Bruce also serves as the bank’s Senior Credit Officer and Chief Credit Policy Officer, a position which he is responsible for Sun’s credit products and policies, as well as providing senior loan review and general oversight of our credit portfolio and I am sure that some of you will have some questions for Bruce later on in the presentation.

Before I go on and talk about some of the financial highlights I would like to talk about the ongoing CEO search process.

As many of you know, we have been working with Heidrick & Struggles for the last couple of months, one of the top national search firms in the process of trying to find a CEO for the bank. We have interviewed a number of candidates and we are continuing to interview candidates. We feel very good about the process. We have not been motivated by making a decision for the sake of making a decision. We want to make sure we make the right decision for our franchise. The Board of Directors is very pleased with the ongoing operations of the bank at the present time. We are very pleased with the job that Bruce has done in the role of Chief Operating Officer, so we feel compelled to make sure that we make the right decision for the bank and not make a decision for decision’s sake, for timing’s sake.

So I just wanted to kind of give everybody a brief update on where we are relative to the CEO search.

And now, let me comment on some of the highlights for the quarter.


Since I have been here, we have now had three consecutive quarters of improved earnings which have met our expectations given the environment that we are in. Net income for the third quarter was up 21.2% over what we reported for the third quarter a year ago, and this includes a one time charge that accounted for a penny a share.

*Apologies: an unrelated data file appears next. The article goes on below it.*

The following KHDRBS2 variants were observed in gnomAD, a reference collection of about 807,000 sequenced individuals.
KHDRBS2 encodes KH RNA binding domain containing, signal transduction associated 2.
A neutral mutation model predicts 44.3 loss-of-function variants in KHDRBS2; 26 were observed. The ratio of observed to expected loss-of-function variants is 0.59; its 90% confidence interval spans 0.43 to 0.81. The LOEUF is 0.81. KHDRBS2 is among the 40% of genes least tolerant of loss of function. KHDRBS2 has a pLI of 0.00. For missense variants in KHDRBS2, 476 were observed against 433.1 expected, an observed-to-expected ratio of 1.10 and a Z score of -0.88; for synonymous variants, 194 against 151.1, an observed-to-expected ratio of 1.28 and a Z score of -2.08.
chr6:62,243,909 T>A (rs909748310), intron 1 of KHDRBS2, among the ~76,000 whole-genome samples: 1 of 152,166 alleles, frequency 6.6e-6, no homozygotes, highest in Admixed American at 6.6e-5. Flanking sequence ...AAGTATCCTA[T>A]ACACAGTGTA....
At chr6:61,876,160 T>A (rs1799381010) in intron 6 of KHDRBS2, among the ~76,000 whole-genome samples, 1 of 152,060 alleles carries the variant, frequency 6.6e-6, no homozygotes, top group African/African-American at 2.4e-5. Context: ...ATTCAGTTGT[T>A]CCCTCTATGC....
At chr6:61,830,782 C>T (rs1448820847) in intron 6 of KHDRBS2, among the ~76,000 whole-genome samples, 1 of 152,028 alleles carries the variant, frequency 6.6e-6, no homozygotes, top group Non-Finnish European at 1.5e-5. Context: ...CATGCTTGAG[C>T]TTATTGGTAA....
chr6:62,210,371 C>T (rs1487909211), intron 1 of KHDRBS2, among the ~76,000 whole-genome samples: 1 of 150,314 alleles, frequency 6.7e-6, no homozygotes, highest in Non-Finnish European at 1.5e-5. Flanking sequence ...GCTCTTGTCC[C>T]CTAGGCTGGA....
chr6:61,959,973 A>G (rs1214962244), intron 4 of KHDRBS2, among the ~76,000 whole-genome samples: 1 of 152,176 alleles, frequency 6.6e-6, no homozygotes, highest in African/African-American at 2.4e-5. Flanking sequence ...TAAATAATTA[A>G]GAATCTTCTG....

As we reported in our earnings release, the one time charge was a combination of two things, $250,000.00 in cost associated with the early redemption of a trust-preferred security that was refinanced at a better interest rate, and roughly $185,000.00 charge related to several branch consolidations during the quarter, so as a result, we took the one penny charge for these extraordinary items.

Net income for the nine months was up 21% from the prior year period. On the loan side, loan production was steady. We continued to have a fairly solid pipeline and we are tracking it along pretty much according to our plan for the full year.

Loan pre-payments still continued to be an issue, but there isn’t much we can do as some loans have been paid down prematurely, but as expected, the impact is mainly in the real estate related loans.

Total loans were about $2.5 billion at the quarter end, up $122 million or 5% on a year-over-year basis, and on linked quarter basis, loan growth was 2.1%. Total loan growth over year 2006 was 10%. These numbers are all normalized for prepayments and branch sales.